Massachusetts Clarifies Whether Employees May “Top Off” Paid Family and Medical Leave Benefits
The Massachusetts Department of Family and Medical Leave has answered a question that employers in the Commonwealth have been struggling with in recent months concerning possible changes to the Paid Family and Medical Leave (PFML) Act.
As we have previously reported, qualifying Massachusetts employees are now eligible to receive partial wage-replacement benefits during leave taken to deal with a personal health crisis, bond with a child, care for a sick relative or covered service member, or manage an emergency arising from a family member on active duty. The benefit amount, which varies based on income, is currently capped at $1,084.32 per week.
Since the law was originally promulgated back in January of 2021, employees receiving PFML benefits have been barred from using accrued paid leave (e.g., their sick, vacation, and/or personal time) to supplement wage-replacement benefits received through the Department of Family and Medical Leave (the “Department”).
Recent visitors to the Department’s website may therefore have been surprised to see the following message, posted on August 9, 2022:
DFML has recently received a number of inquiries as to whether employees are permitted to use their accrued sick or vacation leave to “top off” their weekly PFML benefit. Please be advised that there has been no change to the DFML law. Employees may not use their accrued sick or vacation leave in weeks that they are receiving benefits from DFML.
The message seems to be in response to recent actions taken by the Massachusetts legislature and Governor Charlie Baker with respect to the budget for Fiscal Year 2023.
In July of this year, some reports indicated that Massachusetts had enacted a budget which included a major amendment to the PFML Act – namely, that beginning in 2023, employees would have the option to use paid leave accrued through their employer to “top off” benefits received from the Department. In theory, this would allow employees to take home their full standard weekly wages while on PFML-approved leave. The new law would have gone into effect retroactively as of July 1, 2022.
Now, however, the Department has clarified that no such change is on the immediate horizon. Rather, the confusion likely arose as a result of numerous legislative steps implicated in finalizing the Commonwealth’s budget.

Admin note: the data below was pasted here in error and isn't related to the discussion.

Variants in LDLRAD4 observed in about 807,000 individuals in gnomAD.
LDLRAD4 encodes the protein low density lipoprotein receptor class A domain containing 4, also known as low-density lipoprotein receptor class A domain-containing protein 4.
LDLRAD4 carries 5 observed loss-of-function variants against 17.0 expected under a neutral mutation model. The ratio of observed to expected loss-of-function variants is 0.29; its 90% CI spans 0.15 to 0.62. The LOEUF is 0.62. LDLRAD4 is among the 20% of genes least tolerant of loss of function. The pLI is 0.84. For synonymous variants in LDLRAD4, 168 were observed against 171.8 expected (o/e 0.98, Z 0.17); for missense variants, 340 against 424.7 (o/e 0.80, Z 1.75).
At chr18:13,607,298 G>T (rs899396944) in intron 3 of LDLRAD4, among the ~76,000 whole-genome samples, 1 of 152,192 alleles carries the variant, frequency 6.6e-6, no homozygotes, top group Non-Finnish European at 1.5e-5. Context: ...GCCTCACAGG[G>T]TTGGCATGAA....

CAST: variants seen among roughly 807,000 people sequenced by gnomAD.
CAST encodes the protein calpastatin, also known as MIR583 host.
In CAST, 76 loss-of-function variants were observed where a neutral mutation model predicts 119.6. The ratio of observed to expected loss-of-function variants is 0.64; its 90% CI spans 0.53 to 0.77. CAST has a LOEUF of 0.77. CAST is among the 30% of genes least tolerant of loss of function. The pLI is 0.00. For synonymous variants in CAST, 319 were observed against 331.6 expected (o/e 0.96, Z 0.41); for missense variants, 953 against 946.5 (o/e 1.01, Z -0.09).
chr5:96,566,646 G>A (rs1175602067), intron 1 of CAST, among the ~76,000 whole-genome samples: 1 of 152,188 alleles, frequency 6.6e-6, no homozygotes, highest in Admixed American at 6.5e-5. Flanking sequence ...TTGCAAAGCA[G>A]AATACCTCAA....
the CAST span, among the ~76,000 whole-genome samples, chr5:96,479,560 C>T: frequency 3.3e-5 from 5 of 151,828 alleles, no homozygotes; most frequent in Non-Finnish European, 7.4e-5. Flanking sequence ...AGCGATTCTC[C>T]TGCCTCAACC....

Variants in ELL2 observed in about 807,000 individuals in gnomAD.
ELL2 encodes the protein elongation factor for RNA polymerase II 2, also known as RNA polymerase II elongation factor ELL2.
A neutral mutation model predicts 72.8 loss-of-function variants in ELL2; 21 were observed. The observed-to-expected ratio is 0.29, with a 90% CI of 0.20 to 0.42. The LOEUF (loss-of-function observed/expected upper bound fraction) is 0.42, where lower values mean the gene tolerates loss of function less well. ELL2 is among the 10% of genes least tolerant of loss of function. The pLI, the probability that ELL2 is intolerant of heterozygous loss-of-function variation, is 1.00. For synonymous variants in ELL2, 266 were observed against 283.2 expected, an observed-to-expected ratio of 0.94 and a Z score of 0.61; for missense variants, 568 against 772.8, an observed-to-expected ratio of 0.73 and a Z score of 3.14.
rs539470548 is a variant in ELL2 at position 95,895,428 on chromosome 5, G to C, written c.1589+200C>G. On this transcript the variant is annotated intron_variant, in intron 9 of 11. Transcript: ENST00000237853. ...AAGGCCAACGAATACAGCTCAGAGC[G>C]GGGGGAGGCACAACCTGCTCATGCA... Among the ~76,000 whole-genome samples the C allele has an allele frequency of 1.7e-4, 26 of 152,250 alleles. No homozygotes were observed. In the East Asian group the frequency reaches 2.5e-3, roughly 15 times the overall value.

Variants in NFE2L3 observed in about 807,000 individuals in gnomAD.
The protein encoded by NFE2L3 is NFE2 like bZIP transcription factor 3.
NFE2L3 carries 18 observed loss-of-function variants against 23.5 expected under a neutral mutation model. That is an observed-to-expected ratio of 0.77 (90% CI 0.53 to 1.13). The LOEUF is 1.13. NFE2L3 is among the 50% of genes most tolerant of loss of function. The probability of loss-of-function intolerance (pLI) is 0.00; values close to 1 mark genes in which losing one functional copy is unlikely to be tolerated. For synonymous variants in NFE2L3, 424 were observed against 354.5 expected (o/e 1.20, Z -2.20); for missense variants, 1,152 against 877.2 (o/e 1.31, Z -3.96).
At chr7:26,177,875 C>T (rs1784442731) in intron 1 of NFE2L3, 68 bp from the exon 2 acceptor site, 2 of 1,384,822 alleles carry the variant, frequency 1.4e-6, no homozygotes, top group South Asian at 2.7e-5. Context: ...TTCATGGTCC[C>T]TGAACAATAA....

In the budget proposal that originally crossed Governor Baker’s desk, the PFML statutory scheme was amended to state that any weekly benefit amount received from the Department would not be reduced by “any accrued sick or vacation pay or other paid leave provided under an employer policy,” unless the aggregate amount an employee was to receive would exceed that employee’s average weekly wage.
Governor Baker vetoed that proposal and returned the bill to the legislative branch with suggestions for amendment on July 28, 2022. In an explanatory letter, Baker suggested that requiring employers to calculate the difference between an employee’s PFML benefits from the Department and their normal average weekly wage would be an administrative burden neither employers nor the Department are prepared to handle – particularly in light of the fact that “erroneous overpayments” by employers are already a significant challenge. Moreover, Baker explained that permitting employees to supplement benefits with accrued paid leave would further strain the PFML program by incentivizing employees to take leave more frequently. He suggested striking out the language that had been proposed by the legislature and replacing it with a provision requiring the Department to conduct a study that would evaluate the benefits, disadvantages, and associated implementation costs of the suggested changes to the law.
Response from the Massachusetts House of Representatives was swift. The following day, 126 out of 153 participating members voted to reject Baker’s recommendation, thereby sending the bill to the Senate for further vote. Importantly, in Massachusetts, a gubernatorial veto may be overridden by a two-thirds vote in both the House and the Senate. However, the Senate failed to act before adjourning for the summer, meaning that the veto has not been overridden.
Thus, as the Department indicated, there has been no change to the PFML law as of yet. Massachusetts employees must therefore continue to choose between using paid leave accrued through their employer and receiving partial wage-replacement benefits from the Department.
Employers across all states should be mindful of updates to the Massachusetts PFML law and associated regulations, as an increasing number of states are implementing similar laws.